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DSM Programs Must Target Consumers, Not Just Technology

Fortnightly Magazine - January 15 1995

for residential customers. The incremental benefit of DSM at any one site is so small that budgets must be strictly maintained. Furthermore, residential consumers are not energy experts; they probably know very little about how they use energy. The technological applications may arrive in place, and yet the energy savings may not achieve predicted results. Consumers are only human.

To capture maximum benefits from DSM, both utilities and regulators must enter new terrain. Consumer education is where regulators can provide important leadership. As political institutions, regulatory agencies are risk averse. They make judgments in heavy political traffic, with failure seen as big news and success often going unnoticed. By refocusing DSM efforts on consumer education, regulators can help utilities improve results and rescue DSM programs tottering on the brink of extinction.

Educate, but Verify

Consumer behavior has a powerful impact on energy efficiency. A study conducted at Princeton University, for example, demonstrated that energy use at identical townhouses with identical appliances varied by as much as 100 percent. The researchers attributed the variance primarily to differences in consumer behavior.2 Consumer behavior in just one area (em space heating (em accounted for one-quarter of all energy savings in the residential sector in 1986, totaling one quad.3 Effective consumer education should em-phasize the long-term benefits of energy efficiency to counter the inconsistent, short-term signals of the market.

Two studies by the Alliance to Save Energy have demonstrated that adding intensive energy education to weatherization programs can produce significant energy savings. In one case, Pennsylvania Electric Company (Penelec) tested three approaches to incorporating education in a low-income weatherization program (see Figure 1). Penelec customers who watched a video and participated in three home visits increased their savings to 16.4 percent, in contrast to 8.4 percent for the control group. In the second study, the Alliance worked with Niagara Mohawk Power Corp. and the New York State Weatherization Assistance Program to add three in-home education sessions (plus a setback thermostat and affordable payment plan) to an existing weatherization program. Participating households cut energy use by 25.7 percent, versus 16.3 percent under the standard program (see Figure 2). Other programs also show promise, such as the Neighborhood Energy Workshops in Minneapolis and Ontario Hydro's energy management program. These programs stress certain key actions:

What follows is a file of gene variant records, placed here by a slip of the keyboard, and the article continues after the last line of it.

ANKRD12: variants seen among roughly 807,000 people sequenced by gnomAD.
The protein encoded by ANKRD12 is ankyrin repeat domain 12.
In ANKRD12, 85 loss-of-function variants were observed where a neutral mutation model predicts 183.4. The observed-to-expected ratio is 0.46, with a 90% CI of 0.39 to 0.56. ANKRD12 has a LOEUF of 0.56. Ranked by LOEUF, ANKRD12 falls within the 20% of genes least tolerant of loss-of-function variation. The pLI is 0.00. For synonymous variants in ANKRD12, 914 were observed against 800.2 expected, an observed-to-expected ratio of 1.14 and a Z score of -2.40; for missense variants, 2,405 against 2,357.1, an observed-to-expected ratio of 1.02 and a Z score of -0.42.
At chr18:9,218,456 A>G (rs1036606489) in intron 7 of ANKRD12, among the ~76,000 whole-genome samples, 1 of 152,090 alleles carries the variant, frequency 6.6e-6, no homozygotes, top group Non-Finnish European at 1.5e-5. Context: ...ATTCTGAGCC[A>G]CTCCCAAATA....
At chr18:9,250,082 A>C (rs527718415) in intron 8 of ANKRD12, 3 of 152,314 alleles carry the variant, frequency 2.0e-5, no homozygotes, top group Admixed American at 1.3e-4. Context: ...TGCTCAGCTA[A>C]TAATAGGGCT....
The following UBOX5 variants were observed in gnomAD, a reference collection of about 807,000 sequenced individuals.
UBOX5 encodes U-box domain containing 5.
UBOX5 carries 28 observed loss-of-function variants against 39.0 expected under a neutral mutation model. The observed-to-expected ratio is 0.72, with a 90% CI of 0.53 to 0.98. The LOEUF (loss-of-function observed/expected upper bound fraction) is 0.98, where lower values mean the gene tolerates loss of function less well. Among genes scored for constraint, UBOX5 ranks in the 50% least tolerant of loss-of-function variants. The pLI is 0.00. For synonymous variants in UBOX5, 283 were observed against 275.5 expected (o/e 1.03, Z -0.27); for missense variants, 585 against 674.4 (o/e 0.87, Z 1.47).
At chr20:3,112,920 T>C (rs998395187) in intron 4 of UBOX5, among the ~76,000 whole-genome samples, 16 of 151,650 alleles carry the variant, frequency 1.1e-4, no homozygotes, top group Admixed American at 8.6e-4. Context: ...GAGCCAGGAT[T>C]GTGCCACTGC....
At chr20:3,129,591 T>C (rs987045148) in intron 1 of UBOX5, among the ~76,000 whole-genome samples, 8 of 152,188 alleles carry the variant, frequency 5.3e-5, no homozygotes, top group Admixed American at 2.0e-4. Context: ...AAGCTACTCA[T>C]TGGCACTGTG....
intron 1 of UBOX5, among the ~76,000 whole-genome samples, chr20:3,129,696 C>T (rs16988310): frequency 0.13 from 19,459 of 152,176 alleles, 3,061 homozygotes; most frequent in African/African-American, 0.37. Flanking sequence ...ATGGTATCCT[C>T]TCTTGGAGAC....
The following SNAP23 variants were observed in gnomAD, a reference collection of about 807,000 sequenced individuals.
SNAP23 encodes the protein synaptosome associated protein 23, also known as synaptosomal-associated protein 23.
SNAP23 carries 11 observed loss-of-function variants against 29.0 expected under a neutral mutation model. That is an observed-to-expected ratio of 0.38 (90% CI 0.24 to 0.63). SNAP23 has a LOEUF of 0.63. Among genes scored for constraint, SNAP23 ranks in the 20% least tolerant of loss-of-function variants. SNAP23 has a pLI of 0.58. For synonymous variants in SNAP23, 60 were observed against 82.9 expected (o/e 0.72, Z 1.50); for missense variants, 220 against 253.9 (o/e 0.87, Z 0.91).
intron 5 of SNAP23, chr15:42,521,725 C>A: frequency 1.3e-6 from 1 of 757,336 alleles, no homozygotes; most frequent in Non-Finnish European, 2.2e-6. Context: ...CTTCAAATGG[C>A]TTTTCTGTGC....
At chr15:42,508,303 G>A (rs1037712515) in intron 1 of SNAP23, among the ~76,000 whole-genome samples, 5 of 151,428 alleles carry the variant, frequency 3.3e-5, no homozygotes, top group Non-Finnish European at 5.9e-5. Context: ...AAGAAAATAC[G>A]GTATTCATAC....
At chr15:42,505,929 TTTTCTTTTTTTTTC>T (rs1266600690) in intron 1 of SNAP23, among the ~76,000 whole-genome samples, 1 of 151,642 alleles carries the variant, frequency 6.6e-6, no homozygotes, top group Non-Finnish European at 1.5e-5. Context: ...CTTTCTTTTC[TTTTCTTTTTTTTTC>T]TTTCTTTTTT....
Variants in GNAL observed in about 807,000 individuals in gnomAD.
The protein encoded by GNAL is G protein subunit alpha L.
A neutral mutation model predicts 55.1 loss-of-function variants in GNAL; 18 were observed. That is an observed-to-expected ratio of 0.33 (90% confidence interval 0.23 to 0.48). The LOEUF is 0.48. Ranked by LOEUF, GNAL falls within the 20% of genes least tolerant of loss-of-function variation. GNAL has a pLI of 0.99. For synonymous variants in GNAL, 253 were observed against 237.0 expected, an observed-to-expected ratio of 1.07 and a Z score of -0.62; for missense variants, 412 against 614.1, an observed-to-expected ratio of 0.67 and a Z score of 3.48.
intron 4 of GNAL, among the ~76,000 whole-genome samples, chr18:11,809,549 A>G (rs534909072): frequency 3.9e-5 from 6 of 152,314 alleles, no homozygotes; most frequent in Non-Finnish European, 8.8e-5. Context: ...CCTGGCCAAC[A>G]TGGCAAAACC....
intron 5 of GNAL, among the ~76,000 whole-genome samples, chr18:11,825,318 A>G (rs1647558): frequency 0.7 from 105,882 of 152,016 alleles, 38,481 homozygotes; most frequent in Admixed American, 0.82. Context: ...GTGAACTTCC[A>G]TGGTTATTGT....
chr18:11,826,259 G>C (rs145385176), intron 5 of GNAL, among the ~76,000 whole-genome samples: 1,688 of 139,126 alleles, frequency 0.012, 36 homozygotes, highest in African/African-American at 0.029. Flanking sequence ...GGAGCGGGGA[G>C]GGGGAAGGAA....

s Go Public. Make usage visible; publicize success.

s Customize Data. Each house is different.

s Slow Down. Choose three to six programs; nobody needs 100 ways to save energy.

s Respect Privacy. Houses use energy; people live in them.

s Let Business Lead. Business and government must support energy efficiency through public activities.

s Track True Savings. Don't focus just on home visits.

Evaluations that focus strictly on consumer action are new for utility DSM programs. They force utilities and regulators to redefine what is measured and how. General insights from sociology, psychology, anthropology, human ecology, and economics will play a larger role in designing or creating new DSM tools such as: 1) survey questionnaires, 2) sampling strategies, 3) interview techniques, 4) market delivery strategies or financial incentives, and 5) analytical models.

The